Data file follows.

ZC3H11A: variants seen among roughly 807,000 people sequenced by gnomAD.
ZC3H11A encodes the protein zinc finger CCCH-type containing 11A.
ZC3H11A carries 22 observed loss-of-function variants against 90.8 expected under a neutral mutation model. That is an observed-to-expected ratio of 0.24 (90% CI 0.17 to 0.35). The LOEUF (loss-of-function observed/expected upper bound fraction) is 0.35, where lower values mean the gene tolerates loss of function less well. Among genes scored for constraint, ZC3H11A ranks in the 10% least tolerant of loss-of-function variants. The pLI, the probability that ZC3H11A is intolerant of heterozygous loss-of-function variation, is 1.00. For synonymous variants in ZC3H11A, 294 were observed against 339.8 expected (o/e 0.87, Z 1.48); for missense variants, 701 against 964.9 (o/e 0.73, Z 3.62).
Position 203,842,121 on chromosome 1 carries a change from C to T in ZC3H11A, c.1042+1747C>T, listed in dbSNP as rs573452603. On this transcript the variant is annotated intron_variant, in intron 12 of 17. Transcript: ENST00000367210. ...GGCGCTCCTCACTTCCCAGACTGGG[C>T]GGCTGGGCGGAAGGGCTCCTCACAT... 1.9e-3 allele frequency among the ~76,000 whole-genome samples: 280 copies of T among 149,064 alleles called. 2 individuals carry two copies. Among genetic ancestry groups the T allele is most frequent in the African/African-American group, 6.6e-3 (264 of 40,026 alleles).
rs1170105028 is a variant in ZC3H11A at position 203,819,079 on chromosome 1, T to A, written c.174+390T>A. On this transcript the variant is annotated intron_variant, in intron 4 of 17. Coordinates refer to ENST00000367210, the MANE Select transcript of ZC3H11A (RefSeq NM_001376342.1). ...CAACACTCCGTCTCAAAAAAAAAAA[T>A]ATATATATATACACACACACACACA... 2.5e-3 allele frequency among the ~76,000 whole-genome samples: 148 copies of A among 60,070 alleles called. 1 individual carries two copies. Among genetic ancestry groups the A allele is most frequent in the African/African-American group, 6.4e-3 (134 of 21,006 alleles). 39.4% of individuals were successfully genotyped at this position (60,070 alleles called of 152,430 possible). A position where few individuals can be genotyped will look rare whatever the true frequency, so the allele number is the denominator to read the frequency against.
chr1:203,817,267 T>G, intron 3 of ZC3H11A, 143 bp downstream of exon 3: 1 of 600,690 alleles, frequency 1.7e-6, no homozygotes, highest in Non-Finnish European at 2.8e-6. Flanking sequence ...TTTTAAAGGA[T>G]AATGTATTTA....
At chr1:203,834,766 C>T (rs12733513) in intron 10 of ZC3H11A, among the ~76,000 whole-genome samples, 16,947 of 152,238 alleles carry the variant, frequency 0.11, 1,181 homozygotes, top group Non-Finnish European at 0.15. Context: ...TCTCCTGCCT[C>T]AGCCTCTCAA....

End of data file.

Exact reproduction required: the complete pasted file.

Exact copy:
ZC3H11A: variants seen among roughly 807,000 people sequenced by gnomAD.
ZC3H11A encodes the protein zinc finger CCCH-type containing 11A.
ZC3H11A carries 22 observed loss-of-function variants against 90.8 expected under a neutral mutation model. That is an observed-to-expected ratio of 0.24 (90% CI 0.17 to 0.35). The LOEUF (loss-of-function observed/expected upper bound fraction) is 0.35, where lower values mean the gene tolerates loss of function less well. Among genes scored for constraint, ZC3H11A ranks in the 10% least tolerant of loss-of-function variants. The pLI, the probability that ZC3H11A is intolerant of heterozygous loss-of-function variation, is 1.00. For synonymous variants in ZC3H11A, 294 were observed against 339.8 expected (o/e 0.87, Z 1.48); for missense variants, 701 against 964.9 (o/e 0.73, Z 3.62).
Position 203,842,121 on chromosome 1 carries a change from C to T in ZC3H11A, c.1042+1747C>T, listed in dbSNP as rs573452603. On this transcript the variant is annotated intron_variant, in intron 12 of 17. Transcript: ENST00000367210. ...GGCGCTCCTCACTTCCCAGACTGGG[C>T]GGCTGGGCGGAAGGGCTCCTCACAT... 1.9e-3 allele frequency among the ~76,000 whole-genome samples: 280 copies of T among 149,064 alleles called. 2 individuals carry two copies. Among genetic ancestry groups the T allele is most frequent in the African/African-American group, 6.6e-3 (264 of 40,026 alleles).
rs1170105028 is a variant in ZC3H11A at position 203,819,079 on chromosome 1, T to A, written c.174+390T>A. On this transcript the variant is annotated intron_variant, in intron 4 of 17. Coordinates refer to ENST00000367210, the MANE Select transcript of ZC3H11A (RefSeq NM_001376342.1). ...CAACACTCCGTCTCAAAAAAAAAAA[T>A]ATATATATATACACACACACACACA... 2.5e-3 allele frequency among the ~76,000 whole-genome samples: 148 copies of A among 60,070 alleles called. 1 individual carries two copies. Among genetic ancestry groups the A allele is most frequent in the African/African-American group, 6.4e-3 (134 of 21,006 alleles). 39.4% of individuals were successfully genotyped at this position (60,070 alleles called of 152,430 possible). A position where few individuals can be genotyped will look rare whatever the true frequency, so the allele number is the denominator to read the frequency against.
chr1:203,817,267 T>G, intron 3 of ZC3H11A, 143 bp downstream of exon 3: 1 of 600,690 alleles, frequency 1.7e-6, no homozygotes, highest in Non-Finnish European at 2.8e-6. Flanking sequence ...TTTTAAAGGA[T>G]AATGTATTTA....
At chr1:203,834,766 C>T (rs12733513) in intron 10 of ZC3H11A, among the ~76,000 whole-genome samples, 16,947 of 152,238 alleles carry the variant, frequency 0.11, 1,181 homozygotes, top group Non-Finnish European at 0.15. Context: ...TCTCCTGCCT[C>T]AGCCTCTCAA....